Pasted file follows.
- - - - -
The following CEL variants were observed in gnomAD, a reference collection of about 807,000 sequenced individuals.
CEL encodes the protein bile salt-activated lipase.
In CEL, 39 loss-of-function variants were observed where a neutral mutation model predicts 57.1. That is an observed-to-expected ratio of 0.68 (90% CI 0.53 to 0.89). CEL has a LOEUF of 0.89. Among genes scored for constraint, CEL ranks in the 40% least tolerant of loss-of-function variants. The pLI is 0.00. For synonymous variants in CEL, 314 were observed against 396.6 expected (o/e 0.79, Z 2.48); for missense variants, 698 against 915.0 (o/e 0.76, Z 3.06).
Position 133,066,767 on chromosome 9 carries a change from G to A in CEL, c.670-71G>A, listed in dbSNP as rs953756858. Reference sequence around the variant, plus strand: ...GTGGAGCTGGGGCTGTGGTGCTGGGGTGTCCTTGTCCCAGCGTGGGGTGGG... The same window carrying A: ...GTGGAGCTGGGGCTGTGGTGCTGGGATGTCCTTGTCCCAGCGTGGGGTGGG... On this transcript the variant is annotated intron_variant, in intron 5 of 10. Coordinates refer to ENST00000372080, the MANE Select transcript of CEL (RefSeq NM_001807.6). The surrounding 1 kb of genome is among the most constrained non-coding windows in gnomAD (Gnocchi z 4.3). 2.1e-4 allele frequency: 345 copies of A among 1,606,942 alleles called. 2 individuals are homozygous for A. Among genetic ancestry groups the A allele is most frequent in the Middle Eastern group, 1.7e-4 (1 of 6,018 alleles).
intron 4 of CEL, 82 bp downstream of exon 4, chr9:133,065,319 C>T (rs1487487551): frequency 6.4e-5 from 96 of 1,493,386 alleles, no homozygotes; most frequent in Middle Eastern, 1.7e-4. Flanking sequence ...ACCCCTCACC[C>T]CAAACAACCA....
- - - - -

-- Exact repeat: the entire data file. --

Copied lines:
The following CEL variants were observed in gnomAD, a reference collection of about 807,000 sequenced individuals.
CEL encodes the protein bile salt-activated lipase.
In CEL, 39 loss-of-function variants were observed where a neutral mutation model predicts 57.1. That is an observed-to-expected ratio of 0.68 (90% CI 0.53 to 0.89). CEL has a LOEUF of 0.89. Among genes scored for constraint, CEL ranks in the 40% least tolerant of loss-of-function variants. The pLI is 0.00. For synonymous variants in CEL, 314 were observed against 396.6 expected (o/e 0.79, Z 2.48); for missense variants, 698 against 915.0 (o/e 0.76, Z 3.06).
Position 133,066,767 on chromosome 9 carries a change from G to A in CEL, c.670-71G>A, listed in dbSNP as rs953756858. Reference sequence around the variant, plus strand: ...GTGGAGCTGGGGCTGTGGTGCTGGGGTGTCCTTGTCCCAGCGTGGGGTGGG... The same window carrying A: ...GTGGAGCTGGGGCTGTGGTGCTGGGATGTCCTTGTCCCAGCGTGGGGTGGG... On this transcript the variant is annotated intron_variant, in intron 5 of 10. Coordinates refer to ENST00000372080, the MANE Select transcript of CEL (RefSeq NM_001807.6). The surrounding 1 kb of genome is among the most constrained non-coding windows in gnomAD (Gnocchi z 4.3). 2.1e-4 allele frequency: 345 copies of A among 1,606,942 alleles called. 2 individuals are homozygous for A. Among genetic ancestry groups the A allele is most frequent in the Middle Eastern group, 1.7e-4 (1 of 6,018 alleles).
intron 4 of CEL, 82 bp downstream of exon 4, chr9:133,065,319 C>T (rs1487487551): frequency 6.4e-5 from 96 of 1,493,386 alleles, no homozygotes; most frequent in Middle Eastern, 1.7e-4. Flanking sequence ...ACCCCTCACC[C>T]CAAACAACCA....